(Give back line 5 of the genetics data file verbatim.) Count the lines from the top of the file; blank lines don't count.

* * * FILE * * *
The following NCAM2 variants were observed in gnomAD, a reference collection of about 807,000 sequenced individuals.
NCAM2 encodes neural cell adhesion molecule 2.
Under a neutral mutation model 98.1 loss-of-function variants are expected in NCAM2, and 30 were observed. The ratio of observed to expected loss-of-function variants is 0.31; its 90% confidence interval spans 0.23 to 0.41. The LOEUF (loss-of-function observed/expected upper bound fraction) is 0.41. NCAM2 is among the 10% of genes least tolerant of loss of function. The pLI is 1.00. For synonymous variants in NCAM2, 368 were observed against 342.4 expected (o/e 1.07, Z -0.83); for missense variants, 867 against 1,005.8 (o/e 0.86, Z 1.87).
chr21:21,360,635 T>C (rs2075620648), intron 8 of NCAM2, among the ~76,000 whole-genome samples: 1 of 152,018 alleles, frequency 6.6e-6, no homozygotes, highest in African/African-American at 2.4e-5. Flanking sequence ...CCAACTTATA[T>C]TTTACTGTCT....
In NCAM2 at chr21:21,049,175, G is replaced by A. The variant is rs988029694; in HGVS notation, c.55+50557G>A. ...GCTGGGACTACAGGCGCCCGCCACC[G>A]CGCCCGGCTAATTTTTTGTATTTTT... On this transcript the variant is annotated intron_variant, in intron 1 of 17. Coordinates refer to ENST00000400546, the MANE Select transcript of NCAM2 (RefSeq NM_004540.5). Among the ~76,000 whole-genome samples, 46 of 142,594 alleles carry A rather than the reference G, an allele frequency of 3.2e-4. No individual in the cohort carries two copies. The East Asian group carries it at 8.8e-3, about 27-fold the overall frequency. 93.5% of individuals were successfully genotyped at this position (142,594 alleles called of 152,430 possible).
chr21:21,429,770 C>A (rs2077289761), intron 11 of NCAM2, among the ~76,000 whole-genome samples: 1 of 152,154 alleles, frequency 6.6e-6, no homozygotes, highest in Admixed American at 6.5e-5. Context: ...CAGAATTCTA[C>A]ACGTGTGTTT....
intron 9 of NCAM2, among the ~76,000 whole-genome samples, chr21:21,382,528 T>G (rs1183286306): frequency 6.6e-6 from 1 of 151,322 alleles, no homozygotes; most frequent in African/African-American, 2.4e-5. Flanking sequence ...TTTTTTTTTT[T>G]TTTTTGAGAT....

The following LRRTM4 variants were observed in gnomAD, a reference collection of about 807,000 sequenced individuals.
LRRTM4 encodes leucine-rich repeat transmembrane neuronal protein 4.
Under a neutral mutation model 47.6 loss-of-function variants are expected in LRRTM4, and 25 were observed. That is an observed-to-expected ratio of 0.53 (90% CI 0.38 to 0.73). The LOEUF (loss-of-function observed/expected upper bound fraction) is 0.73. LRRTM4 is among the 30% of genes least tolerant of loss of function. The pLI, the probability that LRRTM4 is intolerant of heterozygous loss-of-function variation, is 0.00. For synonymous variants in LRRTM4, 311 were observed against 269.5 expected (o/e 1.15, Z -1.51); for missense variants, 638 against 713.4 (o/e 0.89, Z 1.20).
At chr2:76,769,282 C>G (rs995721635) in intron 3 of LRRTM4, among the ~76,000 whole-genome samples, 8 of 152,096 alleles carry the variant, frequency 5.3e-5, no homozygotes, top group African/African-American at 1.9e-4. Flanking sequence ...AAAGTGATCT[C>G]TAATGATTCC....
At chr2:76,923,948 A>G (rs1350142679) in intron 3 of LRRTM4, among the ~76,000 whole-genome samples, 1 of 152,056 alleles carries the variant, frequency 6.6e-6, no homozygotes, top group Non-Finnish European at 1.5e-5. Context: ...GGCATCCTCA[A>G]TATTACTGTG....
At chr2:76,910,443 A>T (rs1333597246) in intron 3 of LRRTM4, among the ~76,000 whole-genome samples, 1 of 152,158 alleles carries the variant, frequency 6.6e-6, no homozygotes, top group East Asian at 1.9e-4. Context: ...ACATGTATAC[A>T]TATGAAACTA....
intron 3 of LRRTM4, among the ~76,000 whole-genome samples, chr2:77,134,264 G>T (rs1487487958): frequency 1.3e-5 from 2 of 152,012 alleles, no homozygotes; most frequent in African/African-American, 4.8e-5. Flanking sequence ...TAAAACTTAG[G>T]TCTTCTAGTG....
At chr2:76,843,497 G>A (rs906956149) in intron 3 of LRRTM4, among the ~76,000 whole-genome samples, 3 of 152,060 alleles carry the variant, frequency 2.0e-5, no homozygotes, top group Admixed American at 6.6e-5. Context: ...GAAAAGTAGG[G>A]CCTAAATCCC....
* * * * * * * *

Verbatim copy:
In NCAM2 at chr21:21,049,175, G is replaced by A. The variant is rs988029694; in HGVS notation, c.55+50557G>A. ...GCTGGGACTACAGGCGCCCGCCACC[G>A]CGCCCGGCTAATTTTTTGTATTTTT... On this transcript the variant is annotated intron_variant, in intron 1 of 17. Coordinates refer to ENST00000400546, the MANE Select transcript of NCAM2 (RefSeq NM_004540.5). Among the ~76,000 whole-genome samples, 46 of 142,594 alleles carry A rather than the reference G, an allele frequency of 3.2e-4. No individual in the cohort carries two copies. The East Asian group carries it at 8.8e-3, about 27-fold the overall frequency. 93.5% of individuals were successfully genotyped at this position (142,594 alleles called of 152,430 possible).